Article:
The Teenage Mutant Ninja Turtles haven’t always been green.

The TMNT comic’s origin story is as modest as that of the Heroes in a Half Shell themselves. Creators Kevin Eastman and Peter Laird may not have had to scramble out of a sewer, like Leonardo and his reptillian brothers did, but they did have to scrape together the funds to self-publish just a few thousand copies of TMNT #1 in 1984. Eastman and Laird called their fledgling enterprise Mirage Studios. The name was an in-joke: Like a mirage, the studio had nothing behind it. It was built on a wing, a prayer, and the crazy idea that turtles might make not only good soup, but also good superheroes.

Their black-and-white format was an economic choice rather than an aesthetic one. Full-color comics were prohibitively expensive to produce. In those early days, the Turtles’ telltale green shade existed solely in the mind of the reader—another mirage, if you will.

There’s a Spartan simplicity to the first three issues of TMNT, now collected in Teenage Mutant Ninja Turtles: Black & White Classics Vol. 1. Eastman and Laird, who shared writing and drawing duties, render the anthropomorphic foursome with a hard angularity that disappeared when TMNT became an animated show in 1987. The Turtles don’t have wide, friendly eyes or soft, rounded features. Since the comic is in black and white, they also don’t have colored masks to help kids differentiate between Leonardo, Michelangelo, Donatello, and Raphael, who look basically identical.

Credit: Lewis Jacobs/NBC

That’s because the Turtles weren’t originally meant for children. In 1984—long before comic culture went mainstream—TMNT could only be found at comic shops and conventions. The series also didn’t have to conform to the Comics Code Authority, the self-regulatory censor that policed the vast majority of comics at the time. (Formed in 1954 when comics were being persecuted for causing juvenile delinquency, the CCA finally fell by the wayside in 2011.) The original TMNT comics aren’t exactly gory. But during their sword-heavy battle scenes, skin is visibly broken—something that would never be shown in the subsequent animated series. If you prick these early Turtles, the do indeed bleed.

Violence, however, isn’t what makes the first TMNT comics so edgy. It’s the grit. Every panel is awash in grayscale; every surface is stippled and pitted. The Turtles may be teenagers, but those shells look lived in. It all makes for a grim atmosphere, at least compared to the characters’ later iterations.

Credit: Lewis Jacobs/NBC

That contradiction lies at the heart of the black-and-white TMNT comics, and it’s also the secret to their appeal. Eastman and Laird originally intended TMNT to be part parody, part homage. Their biggest influence was Frank Miller of The Dark Knight Returns and Sin City fame, who was best known in 1984 for his groundbreaking run on Marvel’s Daredevil, as well as his sci-fi samurai epic Ronin for DC.

But TMNT wound up being radically original and innovative rather than derivative. A lot of that had to do with how Eastman and Laird flouted expectations. Was TMNT satirical or earnest? Gritty or silly? The name alone was absurd enough to disarm most skeptics. When TMNT #1 blew up soon after its release in 1984—a viral phenomenon based on grassroots word-of-mouth—it became clear that thousands of readers actually liked this weird little comic. In fact, they loved it.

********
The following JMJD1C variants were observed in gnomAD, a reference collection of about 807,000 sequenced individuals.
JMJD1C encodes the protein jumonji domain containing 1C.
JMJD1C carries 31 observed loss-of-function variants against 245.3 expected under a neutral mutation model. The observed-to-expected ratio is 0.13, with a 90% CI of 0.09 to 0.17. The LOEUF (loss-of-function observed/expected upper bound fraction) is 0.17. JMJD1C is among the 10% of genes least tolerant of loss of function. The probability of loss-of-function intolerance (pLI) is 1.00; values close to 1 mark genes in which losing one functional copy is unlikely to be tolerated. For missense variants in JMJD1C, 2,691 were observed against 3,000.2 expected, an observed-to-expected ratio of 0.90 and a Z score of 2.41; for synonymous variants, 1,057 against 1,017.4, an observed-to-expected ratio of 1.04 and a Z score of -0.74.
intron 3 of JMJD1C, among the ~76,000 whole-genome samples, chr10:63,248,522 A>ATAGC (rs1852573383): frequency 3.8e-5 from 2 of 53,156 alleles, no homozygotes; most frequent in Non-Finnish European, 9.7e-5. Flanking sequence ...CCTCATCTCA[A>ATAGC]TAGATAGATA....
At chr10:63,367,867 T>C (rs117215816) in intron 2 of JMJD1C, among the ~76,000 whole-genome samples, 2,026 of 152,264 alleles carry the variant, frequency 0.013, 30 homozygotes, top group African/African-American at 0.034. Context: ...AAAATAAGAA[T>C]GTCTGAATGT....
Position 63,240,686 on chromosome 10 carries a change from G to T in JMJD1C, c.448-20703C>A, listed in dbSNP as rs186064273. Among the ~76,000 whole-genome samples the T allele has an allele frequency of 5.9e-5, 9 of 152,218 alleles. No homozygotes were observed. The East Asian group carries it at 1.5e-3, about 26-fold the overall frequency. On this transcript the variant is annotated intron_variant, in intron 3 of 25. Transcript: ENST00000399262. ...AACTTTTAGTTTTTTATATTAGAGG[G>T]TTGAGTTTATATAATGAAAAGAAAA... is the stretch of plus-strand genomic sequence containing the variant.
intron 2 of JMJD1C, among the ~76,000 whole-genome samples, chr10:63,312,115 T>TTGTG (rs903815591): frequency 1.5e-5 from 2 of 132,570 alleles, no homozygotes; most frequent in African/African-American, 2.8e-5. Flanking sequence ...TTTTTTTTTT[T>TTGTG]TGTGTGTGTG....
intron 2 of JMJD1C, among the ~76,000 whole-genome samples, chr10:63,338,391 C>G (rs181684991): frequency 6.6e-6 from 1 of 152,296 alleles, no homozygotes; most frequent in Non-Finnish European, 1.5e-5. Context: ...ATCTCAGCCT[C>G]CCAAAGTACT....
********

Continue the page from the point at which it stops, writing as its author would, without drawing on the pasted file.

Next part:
Even now, it’s not hard to see why. Eastman and Laird’s art is crisp, stylized, and vivid. The black-and-white format only enhances it. (Some reprints of the early TMNT comics have been colored, with varying degrees of success, but they never approach the graphic boldness of the originals.) The duo’s storytelling is brisk, and they pack a ton of plot and characterization into the first issue alone. Granted, the individual identities of the four Turtles have yet to be fully established, although glimpses are immediately evident. The enmity between the Turtles’ martial-arts mentor, the rat Splinter, and his archenemy the Shredder is clearly and quickly introduced. Wisecracks are made, and the battle scenes are panoramic.

Credit: Lewis Jacobs/NBC

It’s a dynamic that makes for great comics, then and now. Which isn’t to say the original TMNT doesn’t have its rough spots. The comics are certainly rudimentary—but they practically pop off the page with promise, and that potential is what helped TMNT spread like wildfire. The punch line behind the comics’ premise is often overlooked, especially now that TMNT has become a permanent fixture in the cultural landscape. But it’s worth remembering: Turtles are legendarily pokey, yet these guys are as swift as the wind. The joke is not a profound one—nothing about TMNT, then or now, is profound, nor should it be—but that sly self-awareness has always been a huge part of the franchise’s fun.

The new, Michael Bay-produced TMNT movie hits theaters August 8. It’s not meant to be any kind of return to form, or at least not a return to the franchise’s unassuming start as a self-published, stripped-to-the-bone comic book. If anything, Bay’s TMNT ignores the original comics altogether in favor of nostalgia for the 1987 animated series and the 1990s films. But who knows? Maybe someday, a brave director will make a black-and-white Teenage Mutant Ninja Turtles movie. If so, there’s an evergreen storyboard—so to speak—ready and waiting.

Teenage Mutant Ninja Turtles
  • Movie
  • Steve Barron